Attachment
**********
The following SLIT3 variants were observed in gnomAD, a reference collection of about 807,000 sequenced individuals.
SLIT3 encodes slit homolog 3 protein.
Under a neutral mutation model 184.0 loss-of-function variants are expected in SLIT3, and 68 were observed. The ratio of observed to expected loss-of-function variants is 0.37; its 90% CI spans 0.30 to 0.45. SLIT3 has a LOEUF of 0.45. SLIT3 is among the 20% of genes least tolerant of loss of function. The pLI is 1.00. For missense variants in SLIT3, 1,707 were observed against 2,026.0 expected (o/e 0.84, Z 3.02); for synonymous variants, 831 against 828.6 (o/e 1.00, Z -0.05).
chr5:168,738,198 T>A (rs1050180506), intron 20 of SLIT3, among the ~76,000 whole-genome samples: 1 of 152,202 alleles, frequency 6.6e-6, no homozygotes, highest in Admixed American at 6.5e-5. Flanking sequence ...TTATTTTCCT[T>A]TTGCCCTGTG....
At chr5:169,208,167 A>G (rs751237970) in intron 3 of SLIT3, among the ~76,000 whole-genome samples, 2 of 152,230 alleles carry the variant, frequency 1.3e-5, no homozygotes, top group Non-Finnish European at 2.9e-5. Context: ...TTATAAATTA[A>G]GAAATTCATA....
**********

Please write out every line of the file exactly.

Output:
The following SLIT3 variants were observed in gnomAD, a reference collection of about 807,000 sequenced individuals.
SLIT3 encodes slit homolog 3 protein.
Under a neutral mutation model 184.0 loss-of-function variants are expected in SLIT3, and 68 were observed. The ratio of observed to expected loss-of-function variants is 0.37; its 90% CI spans 0.30 to 0.45. SLIT3 has a LOEUF of 0.45. SLIT3 is among the 20% of genes least tolerant of loss of function. The pLI is 1.00. For missense variants in SLIT3, 1,707 were observed against 2,026.0 expected (o/e 0.84, Z 3.02); for synonymous variants, 831 against 828.6 (o/e 1.00, Z -0.05).
chr5:168,738,198 T>A (rs1050180506), intron 20 of SLIT3, among the ~76,000 whole-genome samples: 1 of 152,202 alleles, frequency 6.6e-6, no homozygotes, highest in Admixed American at 6.5e-5. Flanking sequence ...TTATTTTCCT[T>A]TTGCCCTGTG....
At chr5:169,208,167 A>G (rs751237970) in intron 3 of SLIT3, among the ~76,000 whole-genome samples, 2 of 152,230 alleles carry the variant, frequency 1.3e-5, no homozygotes, top group Non-Finnish European at 2.9e-5. Context: ...TTATAAATTA[A>G]GAAATTCATA....